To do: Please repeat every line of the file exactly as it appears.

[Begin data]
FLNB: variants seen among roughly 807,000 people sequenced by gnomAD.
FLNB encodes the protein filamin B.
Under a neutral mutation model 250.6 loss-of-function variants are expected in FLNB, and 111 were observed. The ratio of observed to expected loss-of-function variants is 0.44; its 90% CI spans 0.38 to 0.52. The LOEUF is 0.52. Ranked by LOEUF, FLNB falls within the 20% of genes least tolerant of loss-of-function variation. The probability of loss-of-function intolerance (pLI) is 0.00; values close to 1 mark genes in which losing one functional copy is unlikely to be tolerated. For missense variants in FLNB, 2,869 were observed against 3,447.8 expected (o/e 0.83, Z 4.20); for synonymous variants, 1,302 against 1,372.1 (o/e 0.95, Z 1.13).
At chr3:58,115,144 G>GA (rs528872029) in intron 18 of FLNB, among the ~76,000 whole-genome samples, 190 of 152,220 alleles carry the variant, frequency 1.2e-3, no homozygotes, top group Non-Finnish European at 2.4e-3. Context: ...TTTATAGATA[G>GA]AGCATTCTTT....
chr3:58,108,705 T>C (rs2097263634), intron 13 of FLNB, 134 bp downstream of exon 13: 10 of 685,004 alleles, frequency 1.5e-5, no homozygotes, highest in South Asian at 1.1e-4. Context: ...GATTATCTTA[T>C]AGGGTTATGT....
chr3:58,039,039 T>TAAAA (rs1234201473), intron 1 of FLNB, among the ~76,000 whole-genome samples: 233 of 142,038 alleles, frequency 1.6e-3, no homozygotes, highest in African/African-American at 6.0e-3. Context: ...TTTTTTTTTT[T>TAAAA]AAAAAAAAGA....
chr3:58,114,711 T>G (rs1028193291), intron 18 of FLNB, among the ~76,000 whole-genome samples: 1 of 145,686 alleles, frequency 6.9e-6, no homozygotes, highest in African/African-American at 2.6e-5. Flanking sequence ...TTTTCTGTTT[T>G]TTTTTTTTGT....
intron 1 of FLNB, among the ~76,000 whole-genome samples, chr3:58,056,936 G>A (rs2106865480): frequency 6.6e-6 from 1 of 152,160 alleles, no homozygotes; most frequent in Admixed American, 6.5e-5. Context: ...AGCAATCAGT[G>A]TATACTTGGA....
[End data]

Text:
FLNB: variants seen among roughly 807,000 people sequenced by gnomAD.
FLNB encodes the protein filamin B.
Under a neutral mutation model 250.6 loss-of-function variants are expected in FLNB, and 111 were observed. The ratio of observed to expected loss-of-function variants is 0.44; its 90% CI spans 0.38 to 0.52. The LOEUF is 0.52. Ranked by LOEUF, FLNB falls within the 20% of genes least tolerant of loss-of-function variation. The probability of loss-of-function intolerance (pLI) is 0.00; values close to 1 mark genes in which losing one functional copy is unlikely to be tolerated. For missense variants in FLNB, 2,869 were observed against 3,447.8 expected (o/e 0.83, Z 4.20); for synonymous variants, 1,302 against 1,372.1 (o/e 0.95, Z 1.13).
At chr3:58,115,144 G>GA (rs528872029) in intron 18 of FLNB, among the ~76,000 whole-genome samples, 190 of 152,220 alleles carry the variant, frequency 1.2e-3, no homozygotes, top group Non-Finnish European at 2.4e-3. Context: ...TTTATAGATA[G>GA]AGCATTCTTT....
chr3:58,108,705 T>C (rs2097263634), intron 13 of FLNB, 134 bp downstream of exon 13: 10 of 685,004 alleles, frequency 1.5e-5, no homozygotes, highest in South Asian at 1.1e-4. Context: ...GATTATCTTA[T>C]AGGGTTATGT....
chr3:58,039,039 T>TAAAA (rs1234201473), intron 1 of FLNB, among the ~76,000 whole-genome samples: 233 of 142,038 alleles, frequency 1.6e-3, no homozygotes, highest in African/African-American at 6.0e-3. Context: ...TTTTTTTTTT[T>TAAAA]AAAAAAAAGA....
chr3:58,114,711 T>G (rs1028193291), intron 18 of FLNB, among the ~76,000 whole-genome samples: 1 of 145,686 alleles, frequency 6.9e-6, no homozygotes, highest in African/African-American at 2.6e-5. Flanking sequence ...TTTTCTGTTT[T>G]TTTTTTTTGT....
intron 1 of FLNB, among the ~76,000 whole-genome samples, chr3:58,056,936 G>A (rs2106865480): frequency 6.6e-6 from 1 of 152,160 alleles, no homozygotes; most frequent in Admixed American, 6.5e-5. Context: ...AGCAATCAGT[G>A]TATACTTGGA....